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CourtTV focusing on sheriff's detective for McNabney documentary

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Posted: Friday, November 21, 2003 10:00 pm

A CourtTV film crew spent the better part of this week in San Joaquin County, following in the footsteps of a Sheriff's detective who investigated the disappearance and murder of Woodbridge resident Larry McNabney.

Crew members interviewed key players in the case and even paid a visit to the vineyard where McNabney was found buried nearly two years ago.

The hour-long documentary, focusing primarily on the case investigation led by Sheriff's Detective Debbie Scheffel, will likely air nationwide a few months from now, said Producer Richard Kroehling.

Scheffel herself said it was the biggest case she has ever investigated, and Kroehling expressed nothing but admiration for the detective, with whom he spent parts of two days this week.

"First she had a missing person case, and that quickly turned into a who-done-it. Then it turned into another missing person case, and that turned into an identity search," Kroehling said.

McNabney, a Sacramento attorney, was last seen alive Sept. 11, 2001, at a Southern California horse show. His body was found five months later, buried in a shallow grave in a vineyard east of Lodi.

On Monday, Scheffel took the CourtTV production team to the remote gravesite so they could see the area for themselves, and show it to viewers.

"They're not just portraying the facts as a newscaster sitting behind a news desk," Scheffel said.

"We experienced the remoteness of that location, nothing but the birds and the cattle. … The average citizen doesn't know what it's like to respond to a crime scene," she added.

In the months after McNabney's disappearance, his wife and legal secretary continued running his law firm, making money by selling his truck and cashing clients' checks.

They told friends and clients who later testified in court that McNabney had joined a cult, was in an alcohol treatment program or had gone to Costa Rica, among other lies.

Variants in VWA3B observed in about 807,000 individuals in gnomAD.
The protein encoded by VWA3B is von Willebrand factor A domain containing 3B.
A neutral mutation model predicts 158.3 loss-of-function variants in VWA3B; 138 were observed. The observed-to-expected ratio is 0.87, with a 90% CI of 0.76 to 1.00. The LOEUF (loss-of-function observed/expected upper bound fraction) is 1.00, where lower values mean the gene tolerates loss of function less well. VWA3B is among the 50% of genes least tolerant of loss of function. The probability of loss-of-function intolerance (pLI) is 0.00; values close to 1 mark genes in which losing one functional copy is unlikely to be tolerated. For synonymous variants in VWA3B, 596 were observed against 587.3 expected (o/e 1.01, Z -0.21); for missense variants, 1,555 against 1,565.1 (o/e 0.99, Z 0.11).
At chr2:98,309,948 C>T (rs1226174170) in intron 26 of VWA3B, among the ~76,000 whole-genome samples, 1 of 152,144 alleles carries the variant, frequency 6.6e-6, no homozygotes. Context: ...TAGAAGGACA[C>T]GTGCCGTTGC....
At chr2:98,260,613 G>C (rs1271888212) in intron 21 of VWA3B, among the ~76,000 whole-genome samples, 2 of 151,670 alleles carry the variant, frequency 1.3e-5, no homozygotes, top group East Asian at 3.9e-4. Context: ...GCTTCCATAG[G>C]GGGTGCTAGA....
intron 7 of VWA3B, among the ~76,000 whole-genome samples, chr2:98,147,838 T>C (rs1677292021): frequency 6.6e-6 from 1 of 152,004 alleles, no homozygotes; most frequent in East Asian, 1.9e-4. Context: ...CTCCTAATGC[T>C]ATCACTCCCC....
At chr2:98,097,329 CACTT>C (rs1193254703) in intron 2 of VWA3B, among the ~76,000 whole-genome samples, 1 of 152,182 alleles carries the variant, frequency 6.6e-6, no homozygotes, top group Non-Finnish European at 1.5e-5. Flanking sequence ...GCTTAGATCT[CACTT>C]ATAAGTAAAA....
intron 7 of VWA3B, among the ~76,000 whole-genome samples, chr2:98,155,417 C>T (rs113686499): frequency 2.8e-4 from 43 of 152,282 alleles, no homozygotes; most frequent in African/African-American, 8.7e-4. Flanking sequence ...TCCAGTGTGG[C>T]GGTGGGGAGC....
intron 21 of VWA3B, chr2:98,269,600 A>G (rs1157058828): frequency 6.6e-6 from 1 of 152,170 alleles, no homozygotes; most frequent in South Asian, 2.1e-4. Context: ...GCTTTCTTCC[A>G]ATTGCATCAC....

By the time his body was found, Elisa McNabney had disappeared, leaving Scheffel to follow the trail and discover that the woman was actually Laren Sims, and had a long list of aliases.

The search became a nationwide investigation, making headline news from California to Florida, where Sims was finally located and arrested.

There she confessed to poisoning her husband with horse tranquilizer, and implicated legal secretary and Sacramento college student Sarah Dutra in the crime. Sims then committed suicide in her Florida jail cell in March 2002.

In the meantime, Scheffel and a team of investigators were trying to retrace the events of the previous six months.

"An investigation has a life and a mind of its own. As an investigator, it takes you along for the ride," Scheffel said.

After a lengthy trial, a jury convicted Dutra, now 23, of voluntary manslaughter, and she was sentenced in April to 11 years in state prison.

Two months later, the story aired in a 17-minute special on Fox's weekly show, "The Pulse."

The case caught the attention of other media outlets, too, including a true crime author whose book on the case is scheduled to be published in late spring or early summer.

Deputy District Attorney Thomas Testa, who prosecuted Dutra, has been approached by both a writer from Playboy magazine and a producer for a Lifetime movie. CourtTV producers interviewed Testa on Monday.

The CourtTV documentary will probably air in about four months, said Kroehling, whose team traveled from Stockton to San Francisco later this week to interview a pathologist who testified in the case.

Though Scheffel and Testa both participated in an Arts and Entertainment documentary on a different case, the CourtTV experience was different, Scheffel said.

"It's interesting to meet people who do something completely different for a living, and have them show interest in what you do," said Scheffel, adding that she was watching TV on Thursday night and could imagine people working behind the scenes to make the show.

For Kroehling, who was been making films for 25 years, working with Scheffel was a fascinating experience.

"She's just so intuitive," he said. "As we were working, she was figuring out what we were doing. It's part of her natural inquisitive nature."

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